The crud is a disease very much like a cold or a light flu, characterized by lack of energy, persistent cough, headache, congestion, sore throat, and possibly a mild fever. What makes it the crud is its persistence — while a cold might last a few days, the crud tends to hang on for a week or two. Many places have their own local version of the crud: here in Mississippi it's called the Delta crud, Oregon has the Portland crud, and even Antarctica has its McMurdo crud. It seems to occur in cold, wet weather, especially when the temperature swings high and low over the course of a few days, particularly in the spring or fall. The "crud" itself refers to the accumulation of disgusting fluids everywhere in your body they can accumulate.

Going through the crud is an uncomfortable and exhausting experience. Your nose runs, your eyes accumulate gunk, post-nasal drip makes your throat sore, you're coughing up phlegm (sputum) from your lungs, and it never seems to end. For me, it's worse in the morning, when a night's worth of post-nasal drip has been irritating my throat for the last eight hours. It's generally not enough to make you stay home from school or work, unless you have a particularly bad day, but you'll definitely want to wash your hands thoroughly and try to avoid contact with other people. Consider working from home if you can, but staying home for two weeks for a persistent, low-level annoyance just isn't worth the bother.

Treating the crud is similar to treating a cold or congestion. Expect to go through a lot of throat lozenges and facial tissue. Drink plenty of fluids, especially hot ones like chicken soup and tea which will soothe your throat and break up the congestion. Over-the-counter medicine is helpful to control the headache, congestion, sore throat, and cough. You probably won't have much appetite but don't forget to eat regular meals to keep your strength up. The crud generally doesn't involve nausea or vomiting so at least that won't be an issue. The key seems to be preventing the post-nasal drip, usually by clearing the congestion or thinning the mucus.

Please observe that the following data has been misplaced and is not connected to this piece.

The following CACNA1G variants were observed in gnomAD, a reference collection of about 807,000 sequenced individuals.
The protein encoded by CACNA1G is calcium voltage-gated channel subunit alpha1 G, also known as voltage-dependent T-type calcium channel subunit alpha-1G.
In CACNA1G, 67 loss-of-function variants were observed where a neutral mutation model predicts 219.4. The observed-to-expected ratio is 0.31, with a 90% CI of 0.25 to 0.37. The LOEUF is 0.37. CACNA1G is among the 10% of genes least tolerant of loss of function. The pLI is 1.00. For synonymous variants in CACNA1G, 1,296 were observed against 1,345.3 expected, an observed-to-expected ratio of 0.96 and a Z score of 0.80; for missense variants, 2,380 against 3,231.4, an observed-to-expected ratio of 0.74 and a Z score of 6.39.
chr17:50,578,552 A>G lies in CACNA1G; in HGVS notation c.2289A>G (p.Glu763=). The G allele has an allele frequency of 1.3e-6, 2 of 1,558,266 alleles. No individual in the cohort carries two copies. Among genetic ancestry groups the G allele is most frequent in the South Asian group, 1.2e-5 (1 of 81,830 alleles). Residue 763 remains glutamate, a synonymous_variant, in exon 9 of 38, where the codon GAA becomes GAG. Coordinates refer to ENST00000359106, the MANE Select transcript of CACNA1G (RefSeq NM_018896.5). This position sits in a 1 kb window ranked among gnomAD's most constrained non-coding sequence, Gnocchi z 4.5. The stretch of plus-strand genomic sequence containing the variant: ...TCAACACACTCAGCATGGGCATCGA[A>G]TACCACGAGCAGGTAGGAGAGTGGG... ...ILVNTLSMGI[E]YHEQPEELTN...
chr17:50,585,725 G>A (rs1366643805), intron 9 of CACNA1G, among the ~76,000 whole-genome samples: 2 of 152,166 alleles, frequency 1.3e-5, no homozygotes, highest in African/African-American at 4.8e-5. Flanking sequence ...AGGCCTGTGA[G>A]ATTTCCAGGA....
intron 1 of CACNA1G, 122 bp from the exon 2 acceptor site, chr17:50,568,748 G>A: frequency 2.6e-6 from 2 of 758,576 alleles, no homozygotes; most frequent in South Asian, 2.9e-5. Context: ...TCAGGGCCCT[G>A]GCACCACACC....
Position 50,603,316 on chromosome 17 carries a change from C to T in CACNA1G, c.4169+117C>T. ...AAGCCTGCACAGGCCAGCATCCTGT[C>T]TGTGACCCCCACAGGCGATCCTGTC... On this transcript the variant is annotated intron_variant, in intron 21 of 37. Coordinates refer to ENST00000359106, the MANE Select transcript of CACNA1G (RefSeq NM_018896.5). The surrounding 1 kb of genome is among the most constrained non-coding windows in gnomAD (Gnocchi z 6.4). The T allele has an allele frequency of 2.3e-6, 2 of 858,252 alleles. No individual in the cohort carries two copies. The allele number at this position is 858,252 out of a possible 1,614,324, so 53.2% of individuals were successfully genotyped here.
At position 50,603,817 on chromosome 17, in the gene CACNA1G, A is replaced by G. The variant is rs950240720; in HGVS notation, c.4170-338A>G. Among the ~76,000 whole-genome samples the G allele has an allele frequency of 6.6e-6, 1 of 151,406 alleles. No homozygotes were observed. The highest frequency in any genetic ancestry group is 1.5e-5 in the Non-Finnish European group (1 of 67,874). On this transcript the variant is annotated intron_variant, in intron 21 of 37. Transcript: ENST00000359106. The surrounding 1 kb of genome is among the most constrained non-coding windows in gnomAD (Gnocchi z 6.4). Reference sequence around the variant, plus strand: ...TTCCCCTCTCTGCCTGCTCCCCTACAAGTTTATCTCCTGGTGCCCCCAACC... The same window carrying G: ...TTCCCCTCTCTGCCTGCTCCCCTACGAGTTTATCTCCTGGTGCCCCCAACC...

The most popular treatment for the crud, however, is the hot toddy. There are many recipes, but it's generally:

  • one or two shots of a brown liquor like whiskey or brandy,
  • a tablespoon or so of honey,
  • fresh juice squeezed from a whole or half a lemon, and
  • some kind of earthy spice like cinnamon, nutmeg, or cloves.
  • Pour all that into a mug and fill it the rest of the way with boiling water.
Stir thoroughly until the honey dissolves, and inhale the aroma while you wait for it to cool to help break up the congestion. Taken about an hour before bedtime, it does a wonderful job of soothing your sore throat and helping you sleep, but the truth is it doesn't actually do anything but make you feel better for a while. You'll still be sick tomorrow morning.

I should mention that feeling "cruddy" due to having a cold or the flu is distinct from having The Crud. They come from the same meaning of crud, that is, the disgusting, half-dried mess caused by uninhibited mucus production, but you have to feel cruddy for at least a week before you can say it's the crud.